Revelstoke mountain snowmobiling festival being planned for 2017

The Calling will be a major festival that will cement Revelstoke's reputation as mountain snowmobiling destination, organizer says.

Jeremy Hanke is a snowmobiling and avalanche professional

Jeremy Hanke is a snowmobiling and avalanche professional

Plans are underway for a major mountain snowmobiling festival in Revelstoke.

Jeremy Hanke is heading up the organization of The Calling, a four-day festival that will include avalanche awareness courses, a vintage ride, drag races, freestyle competition, photo competition and – most notably – a cross-country race through the mountains from Revelstoke to Eagle Pass.

“Kertis Broza from Infinite Powersports mentioned to me how mountain snowmobiling is different than the old style,” Hanke told me. “He said it would be good to have a competition to show the different skills mountain snowmobiling requires.”

The Calling, as the festival is named, is being put on by the Skadi Foundation, a non-profit established by Hanke. He is working with the Revelstoke Snowmobile Club and a long list of others to launching the festival next March.

Hanke is a professional snowmobiler who entered the avalanche industry after a burial in a slide near Revelstoke several years ago. He runs Soulrides, which provides avalanche education to snowmobilers. His goal is to turn The Calling into a major festival that can generate revenue for non-profit organizations.

As the festival’s mission statement states, the goal is: “To create an annual snowmobiling festival in Revelstoke, B.C., that generates funding for non-profit-groups, shifts the culture of safe backcountry mountain motorized use practices, and generates community revenue and exposure for Revelstoke was a world-class snowmobiling destination.”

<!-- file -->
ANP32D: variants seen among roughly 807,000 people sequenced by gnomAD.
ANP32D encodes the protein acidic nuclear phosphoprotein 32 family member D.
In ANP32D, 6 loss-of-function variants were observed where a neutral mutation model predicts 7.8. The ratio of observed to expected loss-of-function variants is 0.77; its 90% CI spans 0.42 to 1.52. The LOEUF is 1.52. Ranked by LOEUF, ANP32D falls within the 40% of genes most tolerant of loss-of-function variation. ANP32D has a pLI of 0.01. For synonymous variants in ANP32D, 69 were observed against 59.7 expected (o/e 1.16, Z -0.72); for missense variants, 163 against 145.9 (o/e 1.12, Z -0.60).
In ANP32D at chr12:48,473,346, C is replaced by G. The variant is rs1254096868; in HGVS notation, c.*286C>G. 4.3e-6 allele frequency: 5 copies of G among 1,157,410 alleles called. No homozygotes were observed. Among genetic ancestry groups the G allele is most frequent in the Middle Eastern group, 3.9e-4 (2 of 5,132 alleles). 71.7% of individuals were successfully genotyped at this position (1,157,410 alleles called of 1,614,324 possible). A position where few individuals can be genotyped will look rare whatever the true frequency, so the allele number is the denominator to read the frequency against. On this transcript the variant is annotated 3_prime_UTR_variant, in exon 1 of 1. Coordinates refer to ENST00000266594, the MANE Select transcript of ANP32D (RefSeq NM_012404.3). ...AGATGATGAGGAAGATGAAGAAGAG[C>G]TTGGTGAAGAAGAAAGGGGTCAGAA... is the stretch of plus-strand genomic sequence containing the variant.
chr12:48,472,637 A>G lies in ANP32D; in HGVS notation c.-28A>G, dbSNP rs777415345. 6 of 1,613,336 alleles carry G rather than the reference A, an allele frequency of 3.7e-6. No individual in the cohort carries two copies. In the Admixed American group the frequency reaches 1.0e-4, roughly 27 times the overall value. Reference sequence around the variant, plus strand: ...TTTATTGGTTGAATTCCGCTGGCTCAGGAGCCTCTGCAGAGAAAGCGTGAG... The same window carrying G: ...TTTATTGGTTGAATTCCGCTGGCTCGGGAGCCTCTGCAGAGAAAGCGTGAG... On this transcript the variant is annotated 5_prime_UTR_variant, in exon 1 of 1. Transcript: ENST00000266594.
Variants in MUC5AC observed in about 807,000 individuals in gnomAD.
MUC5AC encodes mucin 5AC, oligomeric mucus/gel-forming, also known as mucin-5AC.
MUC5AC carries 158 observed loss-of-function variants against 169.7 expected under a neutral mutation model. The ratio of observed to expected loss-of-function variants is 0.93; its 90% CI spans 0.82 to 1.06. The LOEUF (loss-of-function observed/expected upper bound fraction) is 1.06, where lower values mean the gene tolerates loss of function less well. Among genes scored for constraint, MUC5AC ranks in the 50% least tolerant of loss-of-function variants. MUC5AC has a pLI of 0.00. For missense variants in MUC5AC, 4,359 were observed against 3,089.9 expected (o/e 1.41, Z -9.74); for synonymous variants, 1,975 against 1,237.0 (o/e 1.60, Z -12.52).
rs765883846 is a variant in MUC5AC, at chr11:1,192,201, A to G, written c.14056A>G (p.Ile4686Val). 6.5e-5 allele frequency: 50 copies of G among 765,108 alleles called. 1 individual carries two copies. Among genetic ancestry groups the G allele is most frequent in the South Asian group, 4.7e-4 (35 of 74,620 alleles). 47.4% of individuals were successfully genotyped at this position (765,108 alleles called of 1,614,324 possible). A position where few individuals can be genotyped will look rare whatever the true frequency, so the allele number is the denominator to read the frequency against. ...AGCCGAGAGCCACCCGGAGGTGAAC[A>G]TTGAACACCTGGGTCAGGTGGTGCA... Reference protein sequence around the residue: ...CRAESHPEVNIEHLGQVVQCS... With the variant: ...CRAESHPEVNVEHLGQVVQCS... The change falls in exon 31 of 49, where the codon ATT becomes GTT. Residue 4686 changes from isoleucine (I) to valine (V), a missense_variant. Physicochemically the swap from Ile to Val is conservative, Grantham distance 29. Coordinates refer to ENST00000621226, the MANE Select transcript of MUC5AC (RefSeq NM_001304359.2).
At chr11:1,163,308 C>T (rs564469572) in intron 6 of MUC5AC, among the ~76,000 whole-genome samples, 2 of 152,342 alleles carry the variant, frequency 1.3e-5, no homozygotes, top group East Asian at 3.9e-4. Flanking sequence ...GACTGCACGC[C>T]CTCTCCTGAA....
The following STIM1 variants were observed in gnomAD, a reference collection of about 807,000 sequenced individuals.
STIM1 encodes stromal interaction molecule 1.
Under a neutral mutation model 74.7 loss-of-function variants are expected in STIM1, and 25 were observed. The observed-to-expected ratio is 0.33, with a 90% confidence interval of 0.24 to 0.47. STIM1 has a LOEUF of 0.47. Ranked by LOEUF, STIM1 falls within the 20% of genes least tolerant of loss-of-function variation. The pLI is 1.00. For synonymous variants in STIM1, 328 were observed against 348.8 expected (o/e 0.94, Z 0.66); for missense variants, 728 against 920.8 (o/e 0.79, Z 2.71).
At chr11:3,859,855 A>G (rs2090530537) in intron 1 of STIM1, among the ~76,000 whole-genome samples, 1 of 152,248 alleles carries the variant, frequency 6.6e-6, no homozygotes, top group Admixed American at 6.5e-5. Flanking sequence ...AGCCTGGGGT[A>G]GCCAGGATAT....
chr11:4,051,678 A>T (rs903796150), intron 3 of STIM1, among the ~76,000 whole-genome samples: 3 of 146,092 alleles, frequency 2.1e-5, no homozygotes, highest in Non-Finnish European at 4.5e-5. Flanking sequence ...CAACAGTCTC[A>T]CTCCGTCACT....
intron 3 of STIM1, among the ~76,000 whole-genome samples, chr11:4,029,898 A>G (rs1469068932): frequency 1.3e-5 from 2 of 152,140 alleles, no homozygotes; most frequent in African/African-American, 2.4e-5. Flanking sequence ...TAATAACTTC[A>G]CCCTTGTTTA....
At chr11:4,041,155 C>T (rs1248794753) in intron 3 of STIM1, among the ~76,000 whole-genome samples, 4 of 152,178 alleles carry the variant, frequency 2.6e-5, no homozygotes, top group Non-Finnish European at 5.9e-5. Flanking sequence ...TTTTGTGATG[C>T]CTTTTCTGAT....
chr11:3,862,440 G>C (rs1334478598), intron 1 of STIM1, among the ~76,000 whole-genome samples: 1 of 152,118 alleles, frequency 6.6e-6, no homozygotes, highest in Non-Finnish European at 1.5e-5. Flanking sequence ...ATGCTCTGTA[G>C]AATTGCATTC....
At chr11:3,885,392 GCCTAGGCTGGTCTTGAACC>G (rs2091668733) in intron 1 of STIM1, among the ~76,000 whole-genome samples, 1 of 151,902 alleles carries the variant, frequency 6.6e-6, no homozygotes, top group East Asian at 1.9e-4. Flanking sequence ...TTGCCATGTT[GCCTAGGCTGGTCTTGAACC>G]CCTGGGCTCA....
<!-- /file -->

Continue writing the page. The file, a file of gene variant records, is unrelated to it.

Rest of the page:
The festival will be a mix of competitive and non-competitive events. On the non-competitive side there will be a vintage snowmobile ride, riding clinics and avalanche awareness clinics.

On the competitive side, there will be drag races, a freestyle competition, photo challenge and video challenge. There will be complementary events, like a vendor village, a chili cook-off, beer garden and more. The centre of the festival would be in Centennial Park, with events taking place on Boulder Mountain, Frisby Ridge and at Glacier House Resort.

The flagship event will be the cross-country race, which will pit teams of two in a race from Boulder Mountain to Eagle Pass and back in what the organizers are hyping as “the most exclusive, high-quality, big mountain, backcountry snowmobiling event in the world.”

“They’ll race in two-man teams with disciplinary measures for unsafe habits,” Hanke said. “We want to shift the culture of mountain snowmobiling.”

Hanke said they will be issuing invitations to some of the top riders in the snowmobiling world and will be offering up a cash purse for the top teams. “I’m looking to tickle the fancy of some of the top professionals in North America,” he said.

One of the big challenges of putting on the race will be organizing a safety plan. The organizers have brought in avalanche professional Scott Wikson as the backcountry safety coordinator.

The organizers have met with numerous local stakeholders and are working on issues like land-use agreements and securing financing. They are looking for $600,000 to get The Calling off the ground and support it through the first three years, at which point they believe it will be self-sufficient.

According to their targets, they’re hoping to attract 600 people in year one, 1,200 in year two, 3,500 by year five, and 4,700 by year 10. They say the event could have an economic impact of more than $10 million to the community within a decade.

While those numbers may seem ambitious, the Big Iron Shootout – the unsanctioned event that took over Boulder Mountain for a weekend in March for several years last decade – had a reported 4,000 people show up at its peak, and that was without any formal promotion or organization.

Hanke brought up the Jackson Hole Hill Climb World Championships, which brings in 10,000 people to that town when it takes place every year.

If all goes well, the first edition of The Calling would take place from March 30 to April 2, 2017.

“Snowmobiling and the culture and the community has been looking for an event like this,” said Hanke. “This can be a pivotal event and festival for the mountain snowmobiling community.”